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M E D I A  C E N T E R

December 2018 - Monthly Insights - Israeli Venture Capital

Updated: Jan 10, 2019


Following record-breaking capital raising by Israeli startups in 2017, Israeli venture capital continued its strong upwards trajectory in the first three quarters of 2018, with over US$4.54 billion raised, accounting for 82% of total capital raised in 2017. Investments were characterized by numerous late stage financing rounds and a further decline in early stage investments, as rounds of over $20 million represented a record amount of US$1.1 billion invested, while the number of seed stage rounds in Q3 declined to 21, the lowest since 2013.

This trend continues to solidify our strong views of the maturing Israeli venture capital market, as more companies look to raise growth stage capital as opposed to opting for an early exit – supporting the growing returns of Israeli venture capital funds. The decline in the number of investments in seed stage financings confirms our earlier analysis of a funding gap in early financing rounds. Our analysis suggests that this trend has been playing out since 2013, when funding to early stage financing rounds started to decrease, falling by 58% by the end of 2016. The unparalleled 115% increase in the number of new startups formed between 2015 and 2017 relative to 2013 and 2014, is likely to further exacerbate the imbalance between supply and demand in early stage capital, as a slew of startups will be looking for early stage capital in the remainder of 2018 and 2019. At the same time, late stage deals have seen an increase in valuations, not just in Israel but also globally, driven by the strong inflow of international capital, led amongst other by private equity funds and corporate venture capital funds. We also believe that the recent correction in US technology stocks, if sustained, will add pressure on late stage valuations as exit markets become more demanding.

In a recent report issued by IVC, the activity of corporate investors in Israeli venture capital was specifically highlighted. While corporate investors have been active in Israeli venture capital for quite some time, we have seen a stark increase in their investments since 2013, up by 30% between the first three quarters of 2018 alone vs. 2017. While corporate investors have been traditionally known for late stage investments, it is clear that many have pivoted their investment strategy towards earlier rounds, up from a mere 32 early stage investments in 2013 to 77 in 2017 and 59 in the first three quarters of 2018.

While it would appear that the increase in early stage investments by corporates contradicts the trend highlighted above of fewer early stage investments, our view suggests that these trends are in-fact complementary - as corporate investors are mostly opting to co-invest in such stages, with venture capital funds leading the investment rounds. While we are generally favorable towards venture capital funds co-investing with strategic corporates in early stage, it is critical to ensure, on a case-by-case basis, a strong alignment of interest between the startup and all of its investors (financials and corporates).

A particular focus should be given to the geographic origin of such corporate investors. While in 2013, European investors only invested US$93 million in Israeli venture capital, in 2017 they have accounted for US$280 million – an increase of over 200%. As we actively seek to promote European investments in Israeli technology, we tend to meet with large European corporates on a weekly basis. Our meetings strongly indicate that while many have already established their investment strategy into Israeli venture capital, a large number of players are only in the early days of devising such strategies. As a result, we believe that we will continue to see an influx of European investors into Israeli venture capital, through a variety of investment strategies, as European corporates begin to recognize the value of Israeli technology to their core business.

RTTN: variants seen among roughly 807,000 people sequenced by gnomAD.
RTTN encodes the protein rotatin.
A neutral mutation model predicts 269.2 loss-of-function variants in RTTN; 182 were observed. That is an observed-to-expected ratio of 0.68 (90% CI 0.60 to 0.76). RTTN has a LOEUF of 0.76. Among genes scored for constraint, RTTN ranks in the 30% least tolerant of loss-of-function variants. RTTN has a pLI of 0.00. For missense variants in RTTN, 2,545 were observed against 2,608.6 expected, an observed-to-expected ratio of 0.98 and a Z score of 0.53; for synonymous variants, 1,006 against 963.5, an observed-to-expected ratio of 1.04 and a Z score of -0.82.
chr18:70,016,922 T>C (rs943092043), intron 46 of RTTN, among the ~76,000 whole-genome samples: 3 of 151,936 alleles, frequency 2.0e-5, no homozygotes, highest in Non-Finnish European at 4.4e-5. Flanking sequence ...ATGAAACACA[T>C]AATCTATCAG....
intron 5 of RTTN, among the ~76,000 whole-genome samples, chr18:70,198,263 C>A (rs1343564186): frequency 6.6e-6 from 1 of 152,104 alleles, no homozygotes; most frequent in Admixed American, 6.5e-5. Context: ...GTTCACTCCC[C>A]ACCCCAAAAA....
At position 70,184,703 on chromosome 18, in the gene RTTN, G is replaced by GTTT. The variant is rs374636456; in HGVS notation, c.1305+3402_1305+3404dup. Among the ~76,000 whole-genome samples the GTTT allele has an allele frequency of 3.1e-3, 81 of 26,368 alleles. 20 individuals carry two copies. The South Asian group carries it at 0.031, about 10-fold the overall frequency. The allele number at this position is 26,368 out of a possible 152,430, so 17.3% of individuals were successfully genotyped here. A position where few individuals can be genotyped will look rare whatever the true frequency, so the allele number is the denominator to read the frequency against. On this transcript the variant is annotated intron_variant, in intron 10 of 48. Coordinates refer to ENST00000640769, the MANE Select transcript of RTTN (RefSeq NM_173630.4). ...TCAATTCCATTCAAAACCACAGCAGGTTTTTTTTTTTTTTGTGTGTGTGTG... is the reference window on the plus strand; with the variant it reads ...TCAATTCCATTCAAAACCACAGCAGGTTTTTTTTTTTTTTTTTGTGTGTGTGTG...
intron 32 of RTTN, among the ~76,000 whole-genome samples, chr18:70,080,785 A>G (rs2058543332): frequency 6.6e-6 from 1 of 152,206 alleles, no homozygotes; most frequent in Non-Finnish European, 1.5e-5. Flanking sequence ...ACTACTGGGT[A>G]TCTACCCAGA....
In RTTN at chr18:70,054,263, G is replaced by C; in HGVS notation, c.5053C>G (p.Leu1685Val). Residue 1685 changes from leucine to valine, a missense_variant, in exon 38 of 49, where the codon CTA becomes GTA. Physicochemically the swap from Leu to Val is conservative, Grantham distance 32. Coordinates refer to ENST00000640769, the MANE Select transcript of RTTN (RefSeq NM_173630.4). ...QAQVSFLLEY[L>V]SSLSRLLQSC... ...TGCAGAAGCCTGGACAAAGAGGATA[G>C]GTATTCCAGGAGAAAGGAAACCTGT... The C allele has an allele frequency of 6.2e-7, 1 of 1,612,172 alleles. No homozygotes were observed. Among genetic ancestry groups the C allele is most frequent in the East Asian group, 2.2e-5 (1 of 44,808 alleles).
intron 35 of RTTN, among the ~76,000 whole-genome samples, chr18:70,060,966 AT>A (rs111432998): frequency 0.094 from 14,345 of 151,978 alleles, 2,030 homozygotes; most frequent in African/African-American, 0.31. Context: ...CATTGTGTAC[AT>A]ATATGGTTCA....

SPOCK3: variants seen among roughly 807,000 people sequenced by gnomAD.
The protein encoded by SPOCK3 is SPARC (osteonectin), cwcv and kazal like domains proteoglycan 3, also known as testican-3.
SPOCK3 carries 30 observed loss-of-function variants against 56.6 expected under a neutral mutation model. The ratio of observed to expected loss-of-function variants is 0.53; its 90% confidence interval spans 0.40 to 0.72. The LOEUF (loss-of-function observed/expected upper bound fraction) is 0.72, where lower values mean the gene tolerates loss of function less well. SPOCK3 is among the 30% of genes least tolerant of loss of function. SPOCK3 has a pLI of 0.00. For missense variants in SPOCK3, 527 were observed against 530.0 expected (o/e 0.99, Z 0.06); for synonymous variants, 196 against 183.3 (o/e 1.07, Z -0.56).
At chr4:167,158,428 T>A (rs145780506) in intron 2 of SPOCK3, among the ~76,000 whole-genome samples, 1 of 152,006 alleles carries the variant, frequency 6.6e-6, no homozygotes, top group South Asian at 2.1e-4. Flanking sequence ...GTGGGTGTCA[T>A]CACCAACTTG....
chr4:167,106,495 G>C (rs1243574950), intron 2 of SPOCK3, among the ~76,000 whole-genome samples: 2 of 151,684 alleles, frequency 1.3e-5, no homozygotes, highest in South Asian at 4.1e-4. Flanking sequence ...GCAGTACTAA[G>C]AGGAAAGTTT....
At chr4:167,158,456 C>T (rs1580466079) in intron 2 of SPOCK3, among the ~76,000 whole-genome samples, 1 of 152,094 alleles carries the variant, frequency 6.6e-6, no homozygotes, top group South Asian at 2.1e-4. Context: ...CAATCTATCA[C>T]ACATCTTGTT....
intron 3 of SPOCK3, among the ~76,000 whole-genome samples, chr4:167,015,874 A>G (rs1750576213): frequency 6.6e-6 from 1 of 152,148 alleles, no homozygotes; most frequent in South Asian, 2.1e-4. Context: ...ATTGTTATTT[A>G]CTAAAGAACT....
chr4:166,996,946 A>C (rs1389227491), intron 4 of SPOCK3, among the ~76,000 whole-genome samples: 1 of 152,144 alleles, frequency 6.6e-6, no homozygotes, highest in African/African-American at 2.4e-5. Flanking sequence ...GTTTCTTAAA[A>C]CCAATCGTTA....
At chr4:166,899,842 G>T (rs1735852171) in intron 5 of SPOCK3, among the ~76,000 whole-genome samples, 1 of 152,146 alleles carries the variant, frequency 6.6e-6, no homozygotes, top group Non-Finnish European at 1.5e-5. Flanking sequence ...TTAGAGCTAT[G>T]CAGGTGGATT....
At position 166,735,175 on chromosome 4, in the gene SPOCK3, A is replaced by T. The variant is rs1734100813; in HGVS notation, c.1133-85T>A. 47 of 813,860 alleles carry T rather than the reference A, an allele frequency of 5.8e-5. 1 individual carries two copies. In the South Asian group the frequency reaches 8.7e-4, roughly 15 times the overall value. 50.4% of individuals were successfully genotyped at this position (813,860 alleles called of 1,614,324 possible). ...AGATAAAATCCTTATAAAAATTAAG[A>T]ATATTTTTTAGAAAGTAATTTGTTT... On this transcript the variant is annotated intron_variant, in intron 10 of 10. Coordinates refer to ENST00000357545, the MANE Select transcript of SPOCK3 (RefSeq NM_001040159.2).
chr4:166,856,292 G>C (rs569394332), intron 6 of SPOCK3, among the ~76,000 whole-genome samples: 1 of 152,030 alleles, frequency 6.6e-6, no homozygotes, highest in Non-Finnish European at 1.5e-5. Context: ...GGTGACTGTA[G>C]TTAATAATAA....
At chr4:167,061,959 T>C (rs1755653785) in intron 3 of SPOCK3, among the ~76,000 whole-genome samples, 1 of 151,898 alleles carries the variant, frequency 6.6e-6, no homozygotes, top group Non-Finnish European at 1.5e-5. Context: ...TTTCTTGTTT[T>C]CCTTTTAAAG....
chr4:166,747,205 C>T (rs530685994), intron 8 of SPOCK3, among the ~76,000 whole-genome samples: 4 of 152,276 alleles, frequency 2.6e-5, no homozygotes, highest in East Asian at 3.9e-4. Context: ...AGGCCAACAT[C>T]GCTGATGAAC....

Notable Investment Rounds

Taranis, an Vertex Israel portfolio company, secured its series B funding of $20 million from Viola Ventures and current investors. Taranis is an ag-tech company using aerial scouting and deep learning to identify potential crop issues.


Lightricks, a Viola Ventures portfolio company, secured a funding round of $60 million from Insight Venture Partners and Clal-Tech. Lightricks is a developer of mobile applications, mostly in the imaging space. It has been reported that over 100 million users have downloaded applications developed by the company. 


Cognigo, an State of Mind Ventures portfolio company, secured its series A funding for $8.5 million from Prosegur, Mivtach Shamir and current investors in the company. Cognigo develops an AI platform for compliance with GDPR regulations. 


Notable 'Exits' 



Recommended Venture Capital Reads

What happens when a former unicorn known for its post-capitalist, peer-to-peer vision starts to pay attention to quarterly profit? Ask Etsy. [New York]

Two years later, Apple's decision to get rid of the iPhone headphone jack still makes no sense at all. [Fast Company]

A new generation of computer science students is on the rise. And they don't really want to work for Facebook. [The New York Times]

Ford's self-driving cars are good. Are they good enough to win one of the most hotly contested battles in tech? [The Verge]


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